30 May Architecture Through a Different Lens
DWELLING AT AN OLD FARMSTEAD FOR THREE MONTHS and using a converted henhouse as a design space, participants in the Artemis Institute’s “Remote Studio” are directed to erase any preconceptions they have about whatever career trajectory brought them to Paradise Valley. Instead of thinking about how they might become famous erecting skyscrapers or the next multi-million-dollar McMansion, they ascend to the higher ground of ridgelines and chart the sculptural effects of melting Pleistocene glaciers, or ponder why windswept slopes are treeless, or get in the head of a grizzly bear mother trying to usher her cubs toward safety amid a gauntlet of 20-acre ranchettes.
Ryker’s brainchild, its own novel form of total-immersion learning, has been called an intellectual Outward Bound for a brave new era of young American architects — especially those interested in leaving their mark on the West by not impairing the landscapes that are their same canvases of expression.
The seeds that it plants already have found fertile ground. “Design is not just about a pretty picture on paper. It’s how we manifest our ideas in reality and how these ideas shape and are shaped by the world around us,” says Meghan Hanson Powers of the epiphany she had as a proud Remote Studio alumnus.
Powers says the experience prepared her to think more broadly and ultimately set the stage for her involvement in a nationally celebrated project led by Carney Architects of Jackson Hole, Wyoming, and the Rocky Mountain Institute in designing the Laurance S. Rockefeller Preserve visitors’ center in Grand Teton National Park.
This humble yet innovative touchstone of ecological sustainability, form and function is helping to redefine “place-based” architecture and is an emblem of the ideas being championed by the Artemis Institute.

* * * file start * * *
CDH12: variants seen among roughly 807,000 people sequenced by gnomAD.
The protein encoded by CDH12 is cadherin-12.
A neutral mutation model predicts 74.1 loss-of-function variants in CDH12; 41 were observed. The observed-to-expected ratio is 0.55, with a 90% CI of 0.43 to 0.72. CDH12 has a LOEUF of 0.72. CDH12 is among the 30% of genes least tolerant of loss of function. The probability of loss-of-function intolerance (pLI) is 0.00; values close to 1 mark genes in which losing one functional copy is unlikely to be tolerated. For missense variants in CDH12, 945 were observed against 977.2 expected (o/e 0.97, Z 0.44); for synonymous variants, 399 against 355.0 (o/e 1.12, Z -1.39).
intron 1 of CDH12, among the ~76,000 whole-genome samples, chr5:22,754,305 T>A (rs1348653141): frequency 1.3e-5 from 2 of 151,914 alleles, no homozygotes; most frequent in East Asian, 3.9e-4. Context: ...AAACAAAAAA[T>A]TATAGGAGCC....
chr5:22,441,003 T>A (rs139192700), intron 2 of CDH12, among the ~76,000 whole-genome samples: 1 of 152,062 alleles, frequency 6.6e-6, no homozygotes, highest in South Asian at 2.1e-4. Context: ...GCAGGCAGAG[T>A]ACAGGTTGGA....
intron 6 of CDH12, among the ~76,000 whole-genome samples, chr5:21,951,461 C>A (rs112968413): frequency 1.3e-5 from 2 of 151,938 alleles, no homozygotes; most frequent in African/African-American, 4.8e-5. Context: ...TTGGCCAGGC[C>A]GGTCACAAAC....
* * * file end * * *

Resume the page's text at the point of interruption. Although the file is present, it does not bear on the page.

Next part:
More than a decade old, Remote Studio was born to explore philosophical terrain that offers a sharp counterpoint to the trend of super-sized log trophy homes that started proliferating throughout the Rockies in the 1990s. Ryker believes architecture should reflect a cultural conscience and that the visionaries of tomorrow need to regard construction as more than engineering feats.
“There’s a reason why John Muir lived in the woods,” says Ryker, who for years operated an award-winning design firm in Livingston, Montana. “He wanted to be of the woods. He understood that the greatest gift he could give to nature was occupying a humble inconspicuous place in the middle of it.”
Calling oneself a “mountain,” “valley,” “river” or “prairie” person, she adds, means not lording over vistas or defying the power of nature, but organically being an extension of them, whether one is an architect, builder or inhabitant.
The Harvard-educated Ryker has ad hoc professor status at a number of universities, but she is not wagging her drafting ruler with condemnation; she’s just trying to remind people there are other ways of achieving grandeur. Every session of Remote Studio that earns participants college credit more importantly involves a group design-build project that is worth its weight in gold on a resumé.
Remote Studio requires students to live, breathe, recreate, think, write, draw and dream in a setting before they even ponder drafting a blueprint. Alum Patricia Flores says students work together on real-life projects as if they had their own firm, some of them highly visible. The experience helped her land a job with Bohlin Cywinski Jackson in Seattle.
“For me, this was the closet scenario in school to the actual profession of architecture,” Flores explains. Her design team erected a wind shelter for horses at the North Star Ranch in southern Montana. It exudes a subtle presence while performing an essential function of protecting animals from bitter cold breezes and snow that can jeopardize their survival. It is simple and yet possesses a sculptural quality.
“The importance of landscape has stuck with me,” Flores says. “We got to know the specific qualities of the ranch and building site that were special only to that area. It still applies for me today, being able to understand a place and the surroundings can only improve and make a project truly unique.”
A guru on the topic of solar power and enabling homes to be self sufficient and go off the grid, Ryker is certainly no hippie nor radical counter-culturist. She once wrote a monograph about the innovative Southern architectural firm, Mockbee Coker, founded by the late Samuel Mockbee and Coleman Coker. The pair was celebrated for the exquisite seamlessness the firm brought to the intersection of nature and human culture.
Mockbee developed the first nationally known design-build program at Auburn University and used the rural countryside as a teaching laboratory in a course called Rural Studio.
Coker serves on the Artemis Institute advisory board, as does John Carney, who designed the Rockefeller Preserve visitor center, and Kath Williams, a professor at Montana State University and a pioneer in developing standards for LEED certification. Their involvement is indicative of how some of America’s leading place-based thinkers influence Ryker’s curriculum.